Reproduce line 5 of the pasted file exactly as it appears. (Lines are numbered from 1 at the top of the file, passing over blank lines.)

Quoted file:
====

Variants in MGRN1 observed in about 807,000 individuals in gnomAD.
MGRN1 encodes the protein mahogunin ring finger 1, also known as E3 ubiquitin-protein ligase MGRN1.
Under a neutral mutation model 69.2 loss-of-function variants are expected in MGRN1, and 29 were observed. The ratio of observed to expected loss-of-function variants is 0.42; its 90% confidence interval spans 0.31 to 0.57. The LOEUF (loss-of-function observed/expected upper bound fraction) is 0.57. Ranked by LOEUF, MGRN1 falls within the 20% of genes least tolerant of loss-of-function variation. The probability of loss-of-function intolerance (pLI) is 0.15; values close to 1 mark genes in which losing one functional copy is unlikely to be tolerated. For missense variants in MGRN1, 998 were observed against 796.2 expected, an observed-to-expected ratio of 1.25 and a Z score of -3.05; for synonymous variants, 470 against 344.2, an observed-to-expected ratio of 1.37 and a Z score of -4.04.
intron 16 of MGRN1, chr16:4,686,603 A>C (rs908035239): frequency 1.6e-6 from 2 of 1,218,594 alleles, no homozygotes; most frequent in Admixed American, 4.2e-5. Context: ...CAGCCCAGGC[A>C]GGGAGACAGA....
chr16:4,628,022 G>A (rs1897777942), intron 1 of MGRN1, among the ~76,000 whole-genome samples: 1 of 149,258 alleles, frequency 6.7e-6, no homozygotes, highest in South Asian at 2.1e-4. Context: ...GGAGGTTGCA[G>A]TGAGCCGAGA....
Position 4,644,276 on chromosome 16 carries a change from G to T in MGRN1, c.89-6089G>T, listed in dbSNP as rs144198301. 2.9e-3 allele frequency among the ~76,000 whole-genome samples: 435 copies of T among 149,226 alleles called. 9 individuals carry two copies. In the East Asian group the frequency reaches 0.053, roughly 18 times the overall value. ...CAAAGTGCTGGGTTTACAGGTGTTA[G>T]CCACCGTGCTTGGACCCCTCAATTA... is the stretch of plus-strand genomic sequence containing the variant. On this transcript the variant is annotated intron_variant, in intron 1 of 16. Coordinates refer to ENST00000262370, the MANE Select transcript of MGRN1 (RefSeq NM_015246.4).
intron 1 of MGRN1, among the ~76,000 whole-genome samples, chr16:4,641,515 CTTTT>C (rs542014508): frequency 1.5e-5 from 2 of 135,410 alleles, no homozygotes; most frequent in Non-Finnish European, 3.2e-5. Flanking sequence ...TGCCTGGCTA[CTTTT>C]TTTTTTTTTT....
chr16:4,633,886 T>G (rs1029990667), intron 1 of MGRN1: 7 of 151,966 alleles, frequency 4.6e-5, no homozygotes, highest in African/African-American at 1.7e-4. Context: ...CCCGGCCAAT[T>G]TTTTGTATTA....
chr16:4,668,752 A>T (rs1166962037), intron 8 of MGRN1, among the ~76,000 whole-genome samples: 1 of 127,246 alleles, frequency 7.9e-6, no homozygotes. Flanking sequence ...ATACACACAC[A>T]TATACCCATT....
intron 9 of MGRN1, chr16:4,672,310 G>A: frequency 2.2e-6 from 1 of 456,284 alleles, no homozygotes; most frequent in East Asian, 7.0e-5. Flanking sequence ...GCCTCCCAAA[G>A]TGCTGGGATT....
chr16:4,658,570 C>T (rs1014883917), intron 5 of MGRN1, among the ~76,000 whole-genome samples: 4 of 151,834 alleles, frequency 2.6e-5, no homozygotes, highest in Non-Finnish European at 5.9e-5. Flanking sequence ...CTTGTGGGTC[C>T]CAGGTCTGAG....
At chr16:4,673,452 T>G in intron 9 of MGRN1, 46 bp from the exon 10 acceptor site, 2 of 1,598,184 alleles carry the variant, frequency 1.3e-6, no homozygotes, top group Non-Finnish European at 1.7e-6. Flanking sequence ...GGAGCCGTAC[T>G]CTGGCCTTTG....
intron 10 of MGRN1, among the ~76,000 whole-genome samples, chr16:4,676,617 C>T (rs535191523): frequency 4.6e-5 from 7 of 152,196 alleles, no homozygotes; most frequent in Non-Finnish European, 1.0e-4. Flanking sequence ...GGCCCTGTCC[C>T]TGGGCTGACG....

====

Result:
chr16:4,628,022 G>A (rs1897777942), intron 1 of MGRN1, among the ~76,000 whole-genome samples: 1 of 149,258 alleles, frequency 6.7e-6, no homozygotes, highest in South Asian at 2.1e-4. Context: ...GGAGGTTGCA[G>A]TGAGCCGAGA....